That’s why nanny Mayor Bloomberg has forced restaurants to remove “trans-fat” from their menus in New York City. Reports Tom Elliott:

Bloomberg believes "Public-information campaigns are insufficient. In the realm of public health, law really does the work."

He means that the government wants to force you to be healthy.

No doubt the only sensible course is to privatize health care and allow the market to perform its miracles, as Peter Huber suggests.

But Michael Moore and his slacker-liberal army would fight to the last mockumentary to stop that. They have a right to free and unlimited health care and they know it.

You might wonder why they make such a fuss. After all, Huber writes,

Three-dollar statins in New York in 1996 get 30-cent statins to London in 2006 and three-cent statins to Kuala Lumpur a few years later.

But that’s not good enough for our progressive friends. They want three-cent statins now. Anything less is a triumph of greed over human need.

Most Americans are not slacker liberals. But they don’t see why they should pay as much in monthly payments for drugs as they do for the family SUV.

They are moderates. That means that they will vote for a moderate amount of compulsion and expropriation to solve the next crisis in health care. It’s a practical thing. When they or their loved ones need an expensive procedure or designer drug, they know that cost should be not be a factor, at least not for them.

That’s why it would be prudent not to place any bets on the end of socialized medicine any time soon.

Instead, we should expect it to lurch from one disaster to the next.

It’s encouraging to think that Hillary Clinton is uniquely qualified, by education, temperament, experience, and plain dumb luck to be the US leader fated to test universal health insurance to destruction.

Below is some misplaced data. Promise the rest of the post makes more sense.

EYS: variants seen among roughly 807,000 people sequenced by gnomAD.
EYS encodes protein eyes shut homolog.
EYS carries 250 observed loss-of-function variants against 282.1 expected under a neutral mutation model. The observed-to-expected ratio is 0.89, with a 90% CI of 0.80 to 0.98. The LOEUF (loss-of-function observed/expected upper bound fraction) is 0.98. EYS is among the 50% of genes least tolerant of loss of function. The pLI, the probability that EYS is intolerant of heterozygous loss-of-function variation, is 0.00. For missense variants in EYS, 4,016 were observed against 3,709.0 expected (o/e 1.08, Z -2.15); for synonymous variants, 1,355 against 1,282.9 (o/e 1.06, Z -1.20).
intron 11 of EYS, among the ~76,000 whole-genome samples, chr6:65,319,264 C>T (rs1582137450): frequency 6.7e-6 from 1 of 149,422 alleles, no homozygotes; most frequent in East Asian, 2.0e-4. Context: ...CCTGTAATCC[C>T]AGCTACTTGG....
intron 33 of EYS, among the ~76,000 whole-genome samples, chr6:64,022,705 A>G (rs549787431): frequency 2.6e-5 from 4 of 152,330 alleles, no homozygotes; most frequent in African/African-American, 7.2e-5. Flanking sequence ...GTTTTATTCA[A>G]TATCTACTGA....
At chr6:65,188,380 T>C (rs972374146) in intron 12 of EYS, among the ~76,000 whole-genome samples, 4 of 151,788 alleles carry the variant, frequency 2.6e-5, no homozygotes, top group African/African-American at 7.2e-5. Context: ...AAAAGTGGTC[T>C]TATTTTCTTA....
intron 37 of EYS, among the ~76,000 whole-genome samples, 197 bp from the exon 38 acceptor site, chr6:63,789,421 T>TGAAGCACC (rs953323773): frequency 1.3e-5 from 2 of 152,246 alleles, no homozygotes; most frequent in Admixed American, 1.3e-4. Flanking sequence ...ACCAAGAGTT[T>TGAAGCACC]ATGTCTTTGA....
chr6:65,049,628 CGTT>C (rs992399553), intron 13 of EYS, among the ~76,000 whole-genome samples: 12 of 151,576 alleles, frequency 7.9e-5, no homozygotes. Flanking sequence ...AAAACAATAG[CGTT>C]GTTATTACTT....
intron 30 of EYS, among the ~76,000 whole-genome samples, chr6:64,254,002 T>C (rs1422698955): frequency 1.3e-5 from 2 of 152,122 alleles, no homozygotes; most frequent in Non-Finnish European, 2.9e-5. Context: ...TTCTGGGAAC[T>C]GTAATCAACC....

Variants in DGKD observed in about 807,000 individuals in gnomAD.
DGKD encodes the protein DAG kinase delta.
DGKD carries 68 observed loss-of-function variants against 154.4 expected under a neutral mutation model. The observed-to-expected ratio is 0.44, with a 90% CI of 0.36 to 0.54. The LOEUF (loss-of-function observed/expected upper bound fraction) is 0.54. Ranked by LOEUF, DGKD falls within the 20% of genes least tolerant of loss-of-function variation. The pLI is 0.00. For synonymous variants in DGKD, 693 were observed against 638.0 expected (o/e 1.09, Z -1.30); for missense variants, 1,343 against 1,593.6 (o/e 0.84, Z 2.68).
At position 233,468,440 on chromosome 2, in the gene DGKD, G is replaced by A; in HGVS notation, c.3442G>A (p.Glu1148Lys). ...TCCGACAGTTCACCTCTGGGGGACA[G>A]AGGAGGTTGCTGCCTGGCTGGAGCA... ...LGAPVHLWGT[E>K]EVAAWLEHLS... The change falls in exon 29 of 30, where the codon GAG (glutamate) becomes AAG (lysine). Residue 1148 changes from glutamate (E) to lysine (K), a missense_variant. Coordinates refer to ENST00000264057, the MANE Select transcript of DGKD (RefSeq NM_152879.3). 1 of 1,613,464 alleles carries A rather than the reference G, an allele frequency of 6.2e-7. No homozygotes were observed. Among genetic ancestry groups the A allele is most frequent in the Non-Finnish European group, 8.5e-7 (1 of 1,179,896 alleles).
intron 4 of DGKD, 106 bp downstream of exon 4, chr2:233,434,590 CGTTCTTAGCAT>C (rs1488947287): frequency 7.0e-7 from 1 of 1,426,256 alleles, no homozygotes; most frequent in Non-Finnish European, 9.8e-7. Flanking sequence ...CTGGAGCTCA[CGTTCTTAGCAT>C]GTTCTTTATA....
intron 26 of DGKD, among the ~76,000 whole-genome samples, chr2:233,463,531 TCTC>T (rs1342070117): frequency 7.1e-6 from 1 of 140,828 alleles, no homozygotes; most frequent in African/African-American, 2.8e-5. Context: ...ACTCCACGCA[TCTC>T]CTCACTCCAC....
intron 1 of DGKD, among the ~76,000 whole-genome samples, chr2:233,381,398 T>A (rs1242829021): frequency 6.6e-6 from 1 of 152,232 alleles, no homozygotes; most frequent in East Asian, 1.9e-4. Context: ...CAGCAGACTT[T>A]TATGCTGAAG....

After she and her wrecking crew have finished then we can start to build a health care system that really works.

Meanwhile there is always medical tourism.

Christopher Chantrill blogs at www.roadtothemiddleclass.com.

Buy his Road to the Middle Class.

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 TAGS


What Liberals Think About Conservatives

[W]hen I asked a liberal longtime editor I know with a mainstream [publishing] house for a candid, shorthand version of the assumptions she and her colleagues make about conservatives, she didn't hesitate. “Racist, sexist, homophobic, anti-choice fascists,” she offered, smiling but meaning it.
Harry Stein, I Can't Believe I'm Sitting Next to a Republican


US Life in 1842

Families helped each other putting up homes and barns. Together, they built churches, schools, and common civic buildings. They collaborated to build roads and bridges. They took pride in being free persons, independent, and self-reliant; but the texture of their lives was cooperative and fraternal.
Michael Novak, The Spirit of Democratic Capitalism


Taking Responsibility

[To make] of each individual member of the army a soldier who, in character, capability, and knowledge, is self-reliant, self-confident, dedicated, and joyful in taking responsibility [verantwortungsfreudig] as a man and a soldier. — Gen. Hans von Seeckt
MacGregor Knox, Williamson Murray, ed., The dynamics of military revolution, 1300-2050